Same-sex marriage rights not enough on their own, survey finds

‘Couples will wake up after the referendum and homophobia will not have been eradicated’

Same-sex couples may find that achieving the right to marry in Ireland’s referendum on May 22nd does not provide the panacea they had hoped for, a new study has found.

Legal change does not always mean social change, Dr Mike Thomas of the University of Kent, told The Irish Times. His study of the UK, Canada and California in the US, where same sex marriage have been introduced, provides "a bit of a reality check", he said.

“A country, like Ireland, seeking to make same-sex marriage available,” should bear this in mind, he said. “Couples will wake up the day after the referendum and homophobia will not have been eradicated.”

If Ireland decides to legalise same-sex marriage, it’s up to couples, families and service providers what they “actually do after that”, Dr Thomas said.

“A few years ago in the UK, people were saying it was bad for children even to be aware of same-sex relationships. The political debate was pretty nasty.” He cautioned that “no state should rely on legal change to deliver social change straight away”.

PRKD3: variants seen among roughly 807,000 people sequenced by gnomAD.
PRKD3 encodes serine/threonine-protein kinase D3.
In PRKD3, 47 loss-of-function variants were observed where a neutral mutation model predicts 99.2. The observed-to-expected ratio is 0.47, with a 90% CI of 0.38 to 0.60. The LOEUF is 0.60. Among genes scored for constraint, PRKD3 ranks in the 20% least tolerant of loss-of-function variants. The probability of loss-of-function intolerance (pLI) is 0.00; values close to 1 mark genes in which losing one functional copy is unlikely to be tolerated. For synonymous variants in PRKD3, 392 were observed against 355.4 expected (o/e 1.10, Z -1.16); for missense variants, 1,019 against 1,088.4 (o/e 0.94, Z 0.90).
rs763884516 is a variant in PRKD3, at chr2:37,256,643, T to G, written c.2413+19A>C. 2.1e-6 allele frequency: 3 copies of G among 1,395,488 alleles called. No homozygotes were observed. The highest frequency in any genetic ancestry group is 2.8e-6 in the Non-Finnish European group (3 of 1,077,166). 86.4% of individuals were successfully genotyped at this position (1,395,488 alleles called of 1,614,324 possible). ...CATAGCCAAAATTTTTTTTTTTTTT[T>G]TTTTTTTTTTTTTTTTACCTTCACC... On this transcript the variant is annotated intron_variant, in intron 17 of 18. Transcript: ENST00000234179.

Dr Thomas’s research shows that same-sex couples experienced reactions ranging from rejection and abuse to respect and affection when they announced their decision to marry.

He said that although “no government can really legislate for the dynamics that go on within families”, there was a sense of “powerlessness and a degree of anger” about the reactions some couples received after same-sex marriage was introduced.

Mixed reactions to their marriages from work colleagues were accompanied by negative reactions in public and commercial settings, such as when they went to book their ceremony or arrange their reception, Dr Thomas found.

However, he said that it was not all doom and gloom. Positive stories emerged in his research. “These included same-sex marriage laying down legal rights and entitlements and also giving couples an opportunity to celebrate their relationship in the company of family and friends.”

Ireland should think about parallels with the UK, Canada and California, Dr Thomas said.

“Legal change isn’t the same as social change. If the referendum is passed, it will open up a whole new set of challenges for gay couples. People will come into contact with outright homophobia as they will find themselves ‘coming out’ again, often to strangers, just to actually get married - buying rings, booking hotels and so on.”

A referendum will not change people’s minds overnight, he said. “I’m married myself, to a man, and people still ask me what my wife’s called.”

Dr Thomas said that if Ireland’s same-sex marriage referendum passes there will be “a lot done, more to do”.

“There is absolutely more to do. There is still homophobic hate crime, there is still homophobic bullying in schools. It’s a start but it’s not an end.”

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